Leveraging artificial intelligence and machine learning to improve consumer authentication processes is likely the key to combating rising levels of fraud risk, according to a Feb. 4 report by Experian.
More than half of businesses surveyed experienced an increase in fraud, with 57% reporting year-over-year rises in fraud losses, according to the 2020 Global Identity and Fraud Report, which collected data from more than 6,500 consumers and 650 companies worldwide. The report found businesses are using outdated authentication methods in an increasingly digital world.
“The challenge businesses are facing in this area is that traditional credentials or methods used to identify or ‘recognize’ consumers in digital channels are considered strong, but they’re rigid and brittle,” Experian said in the report. Relying on passwords and one-time passcodes makes companies vulnerable to identity theft.
Synthetic identity theft is one of the largest fraud facing the auto finance industry today, Todd Wolf, chairman of the Auto Finance Coalition, previously told AFE. In fact, synthetic fraud balances reached nearly $2 billion through midyear 2019, according to TransUnion.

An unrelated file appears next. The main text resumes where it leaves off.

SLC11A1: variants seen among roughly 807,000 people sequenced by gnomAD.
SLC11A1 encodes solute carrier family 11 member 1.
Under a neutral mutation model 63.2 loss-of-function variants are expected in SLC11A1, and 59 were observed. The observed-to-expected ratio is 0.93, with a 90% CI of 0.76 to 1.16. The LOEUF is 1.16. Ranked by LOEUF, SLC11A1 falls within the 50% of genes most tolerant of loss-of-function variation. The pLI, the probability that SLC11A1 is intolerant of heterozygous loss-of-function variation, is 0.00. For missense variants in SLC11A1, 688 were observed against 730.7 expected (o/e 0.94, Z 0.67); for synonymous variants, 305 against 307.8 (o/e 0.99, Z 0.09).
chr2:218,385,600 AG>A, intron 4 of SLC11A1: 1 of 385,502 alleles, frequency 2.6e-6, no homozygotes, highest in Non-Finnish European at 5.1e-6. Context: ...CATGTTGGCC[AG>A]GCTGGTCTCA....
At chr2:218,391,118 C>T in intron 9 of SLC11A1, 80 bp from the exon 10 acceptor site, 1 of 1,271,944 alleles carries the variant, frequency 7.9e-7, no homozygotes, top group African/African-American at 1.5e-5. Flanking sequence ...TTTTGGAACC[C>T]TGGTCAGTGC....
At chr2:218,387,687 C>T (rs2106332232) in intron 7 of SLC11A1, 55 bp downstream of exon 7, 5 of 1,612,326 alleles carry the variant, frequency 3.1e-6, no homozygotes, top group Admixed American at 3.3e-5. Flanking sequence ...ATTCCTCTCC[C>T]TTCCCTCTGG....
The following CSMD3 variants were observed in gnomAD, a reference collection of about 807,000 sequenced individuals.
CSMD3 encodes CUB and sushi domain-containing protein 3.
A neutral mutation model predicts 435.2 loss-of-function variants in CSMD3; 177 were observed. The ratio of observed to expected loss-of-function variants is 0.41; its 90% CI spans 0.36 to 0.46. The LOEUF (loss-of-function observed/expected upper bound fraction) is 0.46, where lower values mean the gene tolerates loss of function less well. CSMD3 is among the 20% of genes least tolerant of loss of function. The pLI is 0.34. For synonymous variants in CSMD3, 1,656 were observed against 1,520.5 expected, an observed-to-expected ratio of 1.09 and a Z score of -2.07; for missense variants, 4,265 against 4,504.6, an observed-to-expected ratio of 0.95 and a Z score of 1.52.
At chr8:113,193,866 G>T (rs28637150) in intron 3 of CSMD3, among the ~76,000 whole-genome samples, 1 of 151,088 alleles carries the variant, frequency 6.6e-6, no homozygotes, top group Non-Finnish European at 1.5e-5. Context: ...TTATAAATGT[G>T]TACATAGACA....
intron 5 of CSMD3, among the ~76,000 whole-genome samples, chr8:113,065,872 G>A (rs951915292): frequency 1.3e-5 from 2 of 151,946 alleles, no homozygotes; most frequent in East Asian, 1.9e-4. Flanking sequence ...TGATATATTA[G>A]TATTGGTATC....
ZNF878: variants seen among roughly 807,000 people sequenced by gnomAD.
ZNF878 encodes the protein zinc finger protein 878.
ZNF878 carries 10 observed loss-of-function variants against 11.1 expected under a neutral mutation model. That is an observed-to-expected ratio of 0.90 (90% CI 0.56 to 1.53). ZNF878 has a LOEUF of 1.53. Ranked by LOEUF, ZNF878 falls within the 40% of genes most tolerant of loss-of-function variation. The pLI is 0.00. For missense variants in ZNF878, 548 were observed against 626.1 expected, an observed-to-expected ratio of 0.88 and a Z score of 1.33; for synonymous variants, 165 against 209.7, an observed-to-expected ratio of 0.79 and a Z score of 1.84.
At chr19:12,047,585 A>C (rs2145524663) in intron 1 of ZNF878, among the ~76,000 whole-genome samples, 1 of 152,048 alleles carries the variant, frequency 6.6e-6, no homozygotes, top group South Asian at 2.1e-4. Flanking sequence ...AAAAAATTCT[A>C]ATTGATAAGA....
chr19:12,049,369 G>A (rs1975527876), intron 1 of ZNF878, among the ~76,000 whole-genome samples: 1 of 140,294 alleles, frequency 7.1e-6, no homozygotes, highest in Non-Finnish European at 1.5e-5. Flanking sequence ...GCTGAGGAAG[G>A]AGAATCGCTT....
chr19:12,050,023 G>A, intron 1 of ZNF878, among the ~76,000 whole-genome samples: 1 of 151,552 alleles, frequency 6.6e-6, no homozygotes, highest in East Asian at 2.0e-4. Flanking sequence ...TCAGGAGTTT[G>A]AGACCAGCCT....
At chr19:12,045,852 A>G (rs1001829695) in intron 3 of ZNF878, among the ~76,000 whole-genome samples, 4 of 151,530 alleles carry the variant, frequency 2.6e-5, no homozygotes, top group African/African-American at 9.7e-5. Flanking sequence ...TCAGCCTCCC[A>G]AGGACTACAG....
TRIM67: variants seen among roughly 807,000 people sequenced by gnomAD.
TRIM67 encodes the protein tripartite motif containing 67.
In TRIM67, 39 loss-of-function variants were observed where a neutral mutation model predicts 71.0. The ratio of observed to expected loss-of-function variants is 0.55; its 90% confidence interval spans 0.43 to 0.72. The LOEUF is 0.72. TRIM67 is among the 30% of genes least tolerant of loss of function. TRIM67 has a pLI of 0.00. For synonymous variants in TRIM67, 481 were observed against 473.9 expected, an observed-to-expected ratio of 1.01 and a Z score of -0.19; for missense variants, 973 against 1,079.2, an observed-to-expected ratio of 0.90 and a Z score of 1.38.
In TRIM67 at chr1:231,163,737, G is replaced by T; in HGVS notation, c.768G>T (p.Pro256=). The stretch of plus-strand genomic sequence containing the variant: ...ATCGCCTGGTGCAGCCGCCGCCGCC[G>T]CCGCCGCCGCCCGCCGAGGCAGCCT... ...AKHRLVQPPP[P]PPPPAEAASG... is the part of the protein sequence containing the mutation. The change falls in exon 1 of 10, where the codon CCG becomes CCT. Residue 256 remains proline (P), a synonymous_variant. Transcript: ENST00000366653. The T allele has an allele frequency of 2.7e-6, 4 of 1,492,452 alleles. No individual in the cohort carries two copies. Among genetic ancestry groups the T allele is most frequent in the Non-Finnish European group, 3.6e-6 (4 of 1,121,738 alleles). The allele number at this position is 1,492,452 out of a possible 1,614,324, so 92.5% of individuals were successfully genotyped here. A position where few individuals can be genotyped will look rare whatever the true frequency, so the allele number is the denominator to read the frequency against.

Additionally, there is misplaced confidence in the ability of businesses to identify customers accurately. While 95% of businesses surveyed claimed to have “high confidence” in their ability to identify customers, only 45% of consumers feel accurately identified by businesses, the report noted.
“This significant disparity raises several questions regarding the ways in which businesses understand ‘customer recognition,’” Experian said in the report. “This is an even bigger issue, as the sizable increase in fraud incidence suggests that businesses’ confidence is misplaced, but also hints that they may in fact be recognizing fraudsters impersonating legitimate customers.”
In addition to leveraging AI and machine learning, increased transparency about the use of data and personal information can also help, as it encourages “bilateral trust,” Experian said. In fact, 72% of consumers said they would be willing to provide additional personal information if it led to easier access to accounts later, meaning more accurate customer identification and less friction in the customer experience.